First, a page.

Meanwhile, the rest of the densely wooded property has been restored as a natural and serene wonderland, complete with walking trails, seating, and a serenity-inspiring labyrinth.
Even the septic field is beautiful, having been transformed into a 6,000-square-foot meadow teeming with native wildflowers whose textures and vibrant colours attract a variety of birds, butterflies and bees.
No natural material has been removed from the property. It is either left to decay where it falls or is moved to another location where it serves a useful purpose in the forest’s regeneration.
“The more deadwood you leave in the forest, the greater the health of that forest,” said Lohnes.
There is no lawn mower to be found on the Freeman property. Mulches and natural ground covers are used, eliminating mowing and fossil fuels needed to run mowing and edge-trimming equipment.
The two kilometres of trails — River Loop, Hemlock Way, North Ridge and ’Lil Brook — are constructed of hickory wood chips. By placing a new layer of chips every few years, the lower layers feed the forest system and together with the new layers relieve the compaction from footsteps.
“It’s great for folks who like to do a lot of walking because the soft, spongy layer of chips is easier on the knees and feet. It takes about 40 minutes to walk all the trails,” said Lohnes.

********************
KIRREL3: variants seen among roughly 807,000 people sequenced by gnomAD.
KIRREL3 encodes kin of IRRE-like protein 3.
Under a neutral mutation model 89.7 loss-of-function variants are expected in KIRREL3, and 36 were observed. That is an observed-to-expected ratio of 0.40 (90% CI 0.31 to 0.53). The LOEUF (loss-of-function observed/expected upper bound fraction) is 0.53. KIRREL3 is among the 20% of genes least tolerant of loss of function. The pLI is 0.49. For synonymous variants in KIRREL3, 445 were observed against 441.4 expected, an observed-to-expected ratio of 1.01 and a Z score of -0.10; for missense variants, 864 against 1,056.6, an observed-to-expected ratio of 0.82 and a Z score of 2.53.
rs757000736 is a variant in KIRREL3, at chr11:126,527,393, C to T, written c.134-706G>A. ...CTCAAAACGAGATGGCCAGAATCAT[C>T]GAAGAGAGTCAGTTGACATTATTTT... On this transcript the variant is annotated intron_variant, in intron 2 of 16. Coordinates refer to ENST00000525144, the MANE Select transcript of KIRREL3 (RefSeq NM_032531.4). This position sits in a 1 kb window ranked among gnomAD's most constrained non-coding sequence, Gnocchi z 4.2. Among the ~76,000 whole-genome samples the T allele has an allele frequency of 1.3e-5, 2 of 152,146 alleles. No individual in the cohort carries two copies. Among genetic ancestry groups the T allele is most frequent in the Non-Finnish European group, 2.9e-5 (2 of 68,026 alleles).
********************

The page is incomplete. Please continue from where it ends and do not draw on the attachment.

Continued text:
“The trails are also permeable, absorbing rain and preventing over-land flow of water.”
Tim Freeman said he and Anne are fond of the labyrinth Lohnes built beside their house. The labyrinth goes in circles and ends up in a special spot in the woods where a sitting area is located.
“It takes 10 minutes to walk in. Unlike a maze, which is designed as a place to lose yourself, a labyrinth is a place where you can find yourself. You walk slowly and meditate.”
Freeman said during the past 10 years Lohnes and her crew have planted 3,000 trees on the property, and built a pond, which is now home to ducks, frogs, turtles and other native species.
Scattered throughout the property are whimsical iron sculptures crafted by Freeman, including a 500-lb., life-size Bruce the Moose, fashioned by welding together found iron objects.
Lohnes and one or two workers continue to maintain the Upper LaHave property once a week.
“Rosmarie is skilled at bringing a property back to nature. We have worked closely together for a decade, and Anne and I enjoy the relationship we have with Rosmarie and her staff,” said Freeman.
Helping Nature Heal employs about 20 workers, male and female, whose ages range from late teens to mid 50s. Many are high school, college and university students.
Lohnes said machines are rarely used on her jobs. Everything is done by hand and wheelbarrow.
“We believe in hiring humans, not machines. It gives the youth of our community a really good experience of learning how to be hard-working, ethical people. They learn to rely on each other.”
According to Freeman, every garden club in Nova Scotia has visited their unique property.